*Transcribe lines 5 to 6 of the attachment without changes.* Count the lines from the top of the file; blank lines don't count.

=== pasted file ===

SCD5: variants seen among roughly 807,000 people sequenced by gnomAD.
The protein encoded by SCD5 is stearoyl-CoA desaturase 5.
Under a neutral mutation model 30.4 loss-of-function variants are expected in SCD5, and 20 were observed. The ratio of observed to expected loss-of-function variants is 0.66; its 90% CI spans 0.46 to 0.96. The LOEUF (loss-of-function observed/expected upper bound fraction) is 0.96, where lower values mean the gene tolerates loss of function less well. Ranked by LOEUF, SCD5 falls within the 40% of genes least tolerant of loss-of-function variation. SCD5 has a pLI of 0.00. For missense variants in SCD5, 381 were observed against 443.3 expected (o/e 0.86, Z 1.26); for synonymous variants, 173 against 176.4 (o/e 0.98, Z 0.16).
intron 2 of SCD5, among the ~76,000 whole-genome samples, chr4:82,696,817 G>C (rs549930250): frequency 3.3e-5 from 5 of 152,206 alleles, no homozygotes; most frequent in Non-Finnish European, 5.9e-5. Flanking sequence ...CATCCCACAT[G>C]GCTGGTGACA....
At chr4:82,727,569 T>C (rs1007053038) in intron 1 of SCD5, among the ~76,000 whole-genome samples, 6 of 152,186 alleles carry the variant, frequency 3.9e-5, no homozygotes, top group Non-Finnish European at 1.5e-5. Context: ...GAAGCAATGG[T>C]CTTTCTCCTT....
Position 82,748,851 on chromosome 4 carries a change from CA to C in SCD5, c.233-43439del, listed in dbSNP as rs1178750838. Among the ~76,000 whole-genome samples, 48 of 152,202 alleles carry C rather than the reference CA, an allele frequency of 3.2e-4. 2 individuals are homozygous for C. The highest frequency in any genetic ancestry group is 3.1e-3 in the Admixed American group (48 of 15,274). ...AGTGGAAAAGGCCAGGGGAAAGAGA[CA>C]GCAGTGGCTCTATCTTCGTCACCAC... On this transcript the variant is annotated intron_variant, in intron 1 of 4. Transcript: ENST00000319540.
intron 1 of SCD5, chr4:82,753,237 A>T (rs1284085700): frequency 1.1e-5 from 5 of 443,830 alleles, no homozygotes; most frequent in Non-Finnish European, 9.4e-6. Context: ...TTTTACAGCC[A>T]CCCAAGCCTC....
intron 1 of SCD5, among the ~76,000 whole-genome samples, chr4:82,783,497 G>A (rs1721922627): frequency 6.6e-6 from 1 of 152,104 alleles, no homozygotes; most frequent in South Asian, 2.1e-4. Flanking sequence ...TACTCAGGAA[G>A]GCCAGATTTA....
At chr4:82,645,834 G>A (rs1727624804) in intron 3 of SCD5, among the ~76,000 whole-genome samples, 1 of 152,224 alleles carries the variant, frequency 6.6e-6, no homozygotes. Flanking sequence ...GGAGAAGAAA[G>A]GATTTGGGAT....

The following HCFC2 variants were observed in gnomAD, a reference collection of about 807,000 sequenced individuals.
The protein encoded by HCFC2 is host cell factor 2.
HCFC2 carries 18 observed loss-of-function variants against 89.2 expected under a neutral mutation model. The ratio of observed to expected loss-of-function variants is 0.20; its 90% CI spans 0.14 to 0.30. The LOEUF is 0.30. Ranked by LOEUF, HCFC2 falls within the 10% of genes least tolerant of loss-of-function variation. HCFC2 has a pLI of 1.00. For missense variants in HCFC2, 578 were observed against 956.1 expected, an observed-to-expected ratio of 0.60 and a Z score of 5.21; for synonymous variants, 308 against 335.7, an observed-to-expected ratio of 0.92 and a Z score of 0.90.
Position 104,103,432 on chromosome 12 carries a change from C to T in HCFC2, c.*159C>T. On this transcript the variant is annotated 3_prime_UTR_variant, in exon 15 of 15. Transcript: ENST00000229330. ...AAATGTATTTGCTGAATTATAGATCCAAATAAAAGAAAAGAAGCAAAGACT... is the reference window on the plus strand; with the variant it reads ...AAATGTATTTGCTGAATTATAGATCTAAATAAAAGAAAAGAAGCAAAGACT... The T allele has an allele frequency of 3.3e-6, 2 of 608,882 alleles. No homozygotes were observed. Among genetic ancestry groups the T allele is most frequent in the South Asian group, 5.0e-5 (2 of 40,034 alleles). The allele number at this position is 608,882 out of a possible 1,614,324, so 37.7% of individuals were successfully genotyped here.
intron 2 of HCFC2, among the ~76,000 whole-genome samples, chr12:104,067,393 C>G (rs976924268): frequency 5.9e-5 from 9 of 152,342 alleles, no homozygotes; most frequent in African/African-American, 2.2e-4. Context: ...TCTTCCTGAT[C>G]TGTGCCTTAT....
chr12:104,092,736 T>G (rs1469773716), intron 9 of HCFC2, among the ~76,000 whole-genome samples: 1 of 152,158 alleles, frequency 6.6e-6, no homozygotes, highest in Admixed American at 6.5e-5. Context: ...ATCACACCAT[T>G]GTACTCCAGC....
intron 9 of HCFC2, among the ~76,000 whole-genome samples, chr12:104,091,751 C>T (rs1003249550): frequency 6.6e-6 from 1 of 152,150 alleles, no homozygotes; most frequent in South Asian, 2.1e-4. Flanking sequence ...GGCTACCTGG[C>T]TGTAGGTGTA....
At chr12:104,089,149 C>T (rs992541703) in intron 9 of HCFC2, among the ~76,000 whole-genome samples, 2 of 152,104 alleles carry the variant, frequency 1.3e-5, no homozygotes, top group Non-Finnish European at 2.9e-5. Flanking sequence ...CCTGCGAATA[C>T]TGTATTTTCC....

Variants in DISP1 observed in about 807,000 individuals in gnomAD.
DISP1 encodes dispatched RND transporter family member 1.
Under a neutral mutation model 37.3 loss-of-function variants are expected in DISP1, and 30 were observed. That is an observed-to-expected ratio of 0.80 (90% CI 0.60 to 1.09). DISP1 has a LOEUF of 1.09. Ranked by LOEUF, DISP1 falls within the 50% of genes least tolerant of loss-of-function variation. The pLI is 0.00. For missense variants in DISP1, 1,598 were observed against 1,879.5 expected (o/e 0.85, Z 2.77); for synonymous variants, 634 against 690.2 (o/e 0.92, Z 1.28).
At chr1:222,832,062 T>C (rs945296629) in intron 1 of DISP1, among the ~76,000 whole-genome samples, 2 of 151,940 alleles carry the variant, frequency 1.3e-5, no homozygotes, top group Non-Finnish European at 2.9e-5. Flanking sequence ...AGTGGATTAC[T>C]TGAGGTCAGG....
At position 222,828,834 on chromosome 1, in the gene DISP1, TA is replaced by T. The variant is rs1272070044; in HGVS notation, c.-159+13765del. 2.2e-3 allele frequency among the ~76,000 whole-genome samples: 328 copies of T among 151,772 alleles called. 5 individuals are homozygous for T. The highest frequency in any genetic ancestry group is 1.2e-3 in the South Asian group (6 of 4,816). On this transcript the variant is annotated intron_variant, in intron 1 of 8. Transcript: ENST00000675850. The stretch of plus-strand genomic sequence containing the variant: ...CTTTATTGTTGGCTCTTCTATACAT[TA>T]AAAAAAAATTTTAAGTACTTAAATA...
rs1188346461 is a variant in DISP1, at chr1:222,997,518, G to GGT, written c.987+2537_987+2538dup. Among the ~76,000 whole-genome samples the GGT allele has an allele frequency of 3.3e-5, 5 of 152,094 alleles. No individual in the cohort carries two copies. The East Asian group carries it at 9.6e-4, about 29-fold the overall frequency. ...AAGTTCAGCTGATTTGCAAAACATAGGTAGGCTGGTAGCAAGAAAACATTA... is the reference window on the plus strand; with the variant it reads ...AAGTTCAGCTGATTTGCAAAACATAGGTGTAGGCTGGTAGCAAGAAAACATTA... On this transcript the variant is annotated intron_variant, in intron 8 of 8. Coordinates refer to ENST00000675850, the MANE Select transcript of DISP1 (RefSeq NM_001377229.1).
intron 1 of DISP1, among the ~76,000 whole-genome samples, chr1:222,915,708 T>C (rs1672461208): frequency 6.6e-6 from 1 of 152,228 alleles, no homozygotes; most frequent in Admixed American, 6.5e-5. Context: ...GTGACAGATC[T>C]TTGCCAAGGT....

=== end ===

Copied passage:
At chr4:82,727,569 T>C (rs1007053038) in intron 1 of SCD5, among the ~76,000 whole-genome samples, 6 of 152,186 alleles carry the variant, frequency 3.9e-5, no homozygotes, top group Non-Finnish European at 1.5e-5. Context: ...GAAGCAATGG[T>C]CTTTCTCCTT....
Position 82,748,851 on chromosome 4 carries a change from CA to C in SCD5, c.233-43439del, listed in dbSNP as rs1178750838. Among the ~76,000 whole-genome samples, 48 of 152,202 alleles carry C rather than the reference CA, an allele frequency of 3.2e-4. 2 individuals are homozygous for C. The highest frequency in any genetic ancestry group is 3.1e-3 in the Admixed American group (48 of 15,274). ...AGTGGAAAAGGCCAGGGGAAAGAGA[CA>C]GCAGTGGCTCTATCTTCGTCACCAC... On this transcript the variant is annotated intron_variant, in intron 1 of 4. Transcript: ENST00000319540.